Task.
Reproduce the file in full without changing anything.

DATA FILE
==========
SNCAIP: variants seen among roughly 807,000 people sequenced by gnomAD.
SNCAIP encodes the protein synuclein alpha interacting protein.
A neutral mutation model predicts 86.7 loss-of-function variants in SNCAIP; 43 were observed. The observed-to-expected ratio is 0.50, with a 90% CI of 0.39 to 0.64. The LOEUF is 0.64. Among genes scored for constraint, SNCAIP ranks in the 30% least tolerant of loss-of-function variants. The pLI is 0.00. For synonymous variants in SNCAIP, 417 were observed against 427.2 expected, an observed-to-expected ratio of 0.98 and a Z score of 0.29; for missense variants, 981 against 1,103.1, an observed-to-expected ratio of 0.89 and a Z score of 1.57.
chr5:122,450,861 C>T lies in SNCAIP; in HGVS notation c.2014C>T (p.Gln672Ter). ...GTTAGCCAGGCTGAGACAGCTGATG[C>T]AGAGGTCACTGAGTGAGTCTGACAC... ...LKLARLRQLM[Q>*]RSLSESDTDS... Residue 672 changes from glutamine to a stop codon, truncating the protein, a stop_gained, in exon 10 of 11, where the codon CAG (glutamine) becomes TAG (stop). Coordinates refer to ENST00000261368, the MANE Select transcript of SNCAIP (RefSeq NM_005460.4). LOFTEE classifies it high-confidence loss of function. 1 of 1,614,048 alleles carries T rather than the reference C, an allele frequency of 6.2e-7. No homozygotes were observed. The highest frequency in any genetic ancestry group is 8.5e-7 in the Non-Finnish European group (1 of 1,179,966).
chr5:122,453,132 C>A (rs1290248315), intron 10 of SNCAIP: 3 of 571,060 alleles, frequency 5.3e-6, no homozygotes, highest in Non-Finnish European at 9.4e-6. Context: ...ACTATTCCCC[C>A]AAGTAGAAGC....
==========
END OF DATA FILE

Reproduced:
SNCAIP: variants seen among roughly 807,000 people sequenced by gnomAD.
SNCAIP encodes the protein synuclein alpha interacting protein.
A neutral mutation model predicts 86.7 loss-of-function variants in SNCAIP; 43 were observed. The observed-to-expected ratio is 0.50, with a 90% CI of 0.39 to 0.64. The LOEUF is 0.64. Among genes scored for constraint, SNCAIP ranks in the 30% least tolerant of loss-of-function variants. The pLI is 0.00. For synonymous variants in SNCAIP, 417 were observed against 427.2 expected, an observed-to-expected ratio of 0.98 and a Z score of 0.29; for missense variants, 981 against 1,103.1, an observed-to-expected ratio of 0.89 and a Z score of 1.57.
chr5:122,450,861 C>T lies in SNCAIP; in HGVS notation c.2014C>T (p.Gln672Ter). ...GTTAGCCAGGCTGAGACAGCTGATG[C>T]AGAGGTCACTGAGTGAGTCTGACAC... ...LKLARLRQLM[Q>*]RSLSESDTDS... Residue 672 changes from glutamine to a stop codon, truncating the protein, a stop_gained, in exon 10 of 11, where the codon CAG (glutamine) becomes TAG (stop). Coordinates refer to ENST00000261368, the MANE Select transcript of SNCAIP (RefSeq NM_005460.4). LOFTEE classifies it high-confidence loss of function. 1 of 1,614,048 alleles carries T rather than the reference C, an allele frequency of 6.2e-7. No homozygotes were observed. The highest frequency in any genetic ancestry group is 8.5e-7 in the Non-Finnish European group (1 of 1,179,966).
chr5:122,453,132 C>A (rs1290248315), intron 10 of SNCAIP: 3 of 571,060 alleles, frequency 5.3e-6, no homozygotes, highest in Non-Finnish European at 9.4e-6. Context: ...ACTATTCCCC[C>A]AAGTAGAAGC....